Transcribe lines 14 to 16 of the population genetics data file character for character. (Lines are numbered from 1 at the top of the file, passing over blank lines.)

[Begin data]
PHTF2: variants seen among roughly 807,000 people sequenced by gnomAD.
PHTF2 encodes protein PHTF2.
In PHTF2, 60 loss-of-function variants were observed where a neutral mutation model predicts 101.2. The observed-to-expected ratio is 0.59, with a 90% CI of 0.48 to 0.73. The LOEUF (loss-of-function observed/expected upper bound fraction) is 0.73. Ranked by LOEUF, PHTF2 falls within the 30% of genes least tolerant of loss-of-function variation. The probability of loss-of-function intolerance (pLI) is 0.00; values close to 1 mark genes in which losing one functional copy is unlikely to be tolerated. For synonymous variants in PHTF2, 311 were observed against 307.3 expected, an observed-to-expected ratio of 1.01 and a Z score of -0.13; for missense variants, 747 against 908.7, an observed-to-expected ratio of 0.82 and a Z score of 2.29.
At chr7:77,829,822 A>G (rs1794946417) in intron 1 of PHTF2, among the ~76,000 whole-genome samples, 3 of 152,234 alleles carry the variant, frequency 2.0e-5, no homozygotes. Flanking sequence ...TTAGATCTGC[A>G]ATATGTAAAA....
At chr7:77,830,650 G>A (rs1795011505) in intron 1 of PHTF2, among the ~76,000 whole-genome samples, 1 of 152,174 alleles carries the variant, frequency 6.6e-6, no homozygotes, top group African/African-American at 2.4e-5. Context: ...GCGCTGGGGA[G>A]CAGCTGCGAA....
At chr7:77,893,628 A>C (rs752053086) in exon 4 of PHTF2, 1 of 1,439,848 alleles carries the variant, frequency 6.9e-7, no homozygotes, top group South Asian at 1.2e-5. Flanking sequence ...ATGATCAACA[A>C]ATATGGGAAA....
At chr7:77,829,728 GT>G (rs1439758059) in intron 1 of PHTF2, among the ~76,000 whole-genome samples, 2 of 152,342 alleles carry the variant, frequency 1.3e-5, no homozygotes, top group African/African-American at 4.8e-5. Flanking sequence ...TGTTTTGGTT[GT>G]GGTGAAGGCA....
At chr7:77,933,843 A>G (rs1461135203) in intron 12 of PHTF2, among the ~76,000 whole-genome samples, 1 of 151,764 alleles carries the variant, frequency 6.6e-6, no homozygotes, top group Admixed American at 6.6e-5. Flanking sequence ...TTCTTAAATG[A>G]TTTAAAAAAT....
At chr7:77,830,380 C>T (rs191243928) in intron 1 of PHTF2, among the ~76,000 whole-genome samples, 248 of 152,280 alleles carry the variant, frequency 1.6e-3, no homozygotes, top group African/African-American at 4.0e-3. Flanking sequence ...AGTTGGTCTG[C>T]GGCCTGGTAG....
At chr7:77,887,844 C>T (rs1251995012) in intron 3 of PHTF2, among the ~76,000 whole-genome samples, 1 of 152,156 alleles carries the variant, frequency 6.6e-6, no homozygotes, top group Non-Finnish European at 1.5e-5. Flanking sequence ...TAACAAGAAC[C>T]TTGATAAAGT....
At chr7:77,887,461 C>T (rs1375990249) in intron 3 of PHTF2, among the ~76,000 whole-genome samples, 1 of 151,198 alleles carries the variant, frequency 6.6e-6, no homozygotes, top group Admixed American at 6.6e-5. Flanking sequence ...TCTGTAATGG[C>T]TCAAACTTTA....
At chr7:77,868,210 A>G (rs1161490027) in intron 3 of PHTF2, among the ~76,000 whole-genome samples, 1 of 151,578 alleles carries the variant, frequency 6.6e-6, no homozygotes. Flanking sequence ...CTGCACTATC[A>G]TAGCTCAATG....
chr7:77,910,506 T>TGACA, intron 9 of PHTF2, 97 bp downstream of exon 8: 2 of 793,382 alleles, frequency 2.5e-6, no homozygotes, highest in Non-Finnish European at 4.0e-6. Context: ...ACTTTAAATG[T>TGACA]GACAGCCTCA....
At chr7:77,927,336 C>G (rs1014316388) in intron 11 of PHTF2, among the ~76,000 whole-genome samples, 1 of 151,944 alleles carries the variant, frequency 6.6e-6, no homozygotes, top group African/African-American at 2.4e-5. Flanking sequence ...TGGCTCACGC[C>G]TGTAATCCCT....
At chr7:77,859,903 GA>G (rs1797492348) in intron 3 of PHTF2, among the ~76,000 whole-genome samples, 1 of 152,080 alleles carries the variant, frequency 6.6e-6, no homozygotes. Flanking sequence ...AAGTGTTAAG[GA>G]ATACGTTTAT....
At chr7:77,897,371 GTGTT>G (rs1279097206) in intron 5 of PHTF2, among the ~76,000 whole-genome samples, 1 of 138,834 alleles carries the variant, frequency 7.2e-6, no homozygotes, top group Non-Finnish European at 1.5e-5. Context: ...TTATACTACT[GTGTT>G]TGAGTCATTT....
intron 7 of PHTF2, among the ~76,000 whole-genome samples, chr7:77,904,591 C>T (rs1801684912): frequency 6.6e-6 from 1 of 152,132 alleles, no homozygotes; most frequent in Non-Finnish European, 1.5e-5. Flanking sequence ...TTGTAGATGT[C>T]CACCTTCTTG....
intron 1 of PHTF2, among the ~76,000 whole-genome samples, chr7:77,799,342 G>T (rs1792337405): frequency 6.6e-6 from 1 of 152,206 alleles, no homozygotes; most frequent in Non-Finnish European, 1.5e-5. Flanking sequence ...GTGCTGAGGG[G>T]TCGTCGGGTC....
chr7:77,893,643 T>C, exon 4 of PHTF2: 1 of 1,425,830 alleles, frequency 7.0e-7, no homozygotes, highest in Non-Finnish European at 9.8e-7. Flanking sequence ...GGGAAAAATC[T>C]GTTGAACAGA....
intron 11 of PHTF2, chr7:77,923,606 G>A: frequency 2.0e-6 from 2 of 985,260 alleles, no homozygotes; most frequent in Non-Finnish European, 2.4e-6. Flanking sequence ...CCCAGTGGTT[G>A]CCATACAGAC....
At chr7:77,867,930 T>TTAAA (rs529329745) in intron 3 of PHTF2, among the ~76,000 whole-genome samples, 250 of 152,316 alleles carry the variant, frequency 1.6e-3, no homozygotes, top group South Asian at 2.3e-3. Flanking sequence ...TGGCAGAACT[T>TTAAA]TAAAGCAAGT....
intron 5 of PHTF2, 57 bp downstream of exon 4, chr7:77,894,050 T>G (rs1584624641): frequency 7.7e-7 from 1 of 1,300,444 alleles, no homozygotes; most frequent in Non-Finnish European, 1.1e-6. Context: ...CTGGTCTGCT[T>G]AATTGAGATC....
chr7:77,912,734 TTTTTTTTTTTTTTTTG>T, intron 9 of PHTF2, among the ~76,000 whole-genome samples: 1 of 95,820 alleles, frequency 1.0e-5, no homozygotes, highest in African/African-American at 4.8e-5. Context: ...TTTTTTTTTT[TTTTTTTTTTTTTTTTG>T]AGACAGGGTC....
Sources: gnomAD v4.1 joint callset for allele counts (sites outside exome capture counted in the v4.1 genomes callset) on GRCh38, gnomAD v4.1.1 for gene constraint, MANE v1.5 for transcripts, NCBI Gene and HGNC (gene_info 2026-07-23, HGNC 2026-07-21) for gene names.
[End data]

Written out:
At chr7:77,927,336 C>G (rs1014316388) in intron 11 of PHTF2, among the ~76,000 whole-genome samples, 1 of 151,944 alleles carries the variant, frequency 6.6e-6, no homozygotes, top group African/African-American at 2.4e-5. Flanking sequence ...TGGCTCACGC[C>G]TGTAATCCCT....
At chr7:77,859,903 GA>G (rs1797492348) in intron 3 of PHTF2, among the ~76,000 whole-genome samples, 1 of 152,080 alleles carries the variant, frequency 6.6e-6, no homozygotes. Flanking sequence ...AAGTGTTAAG[GA>G]ATACGTTTAT....
At chr7:77,897,371 GTGTT>G (rs1279097206) in intron 5 of PHTF2, among the ~76,000 whole-genome samples, 1 of 138,834 alleles carries the variant, frequency 7.2e-6, no homozygotes, top group Non-Finnish European at 1.5e-5. Context: ...TTATACTACT[GTGTT>G]TGAGTCATTT....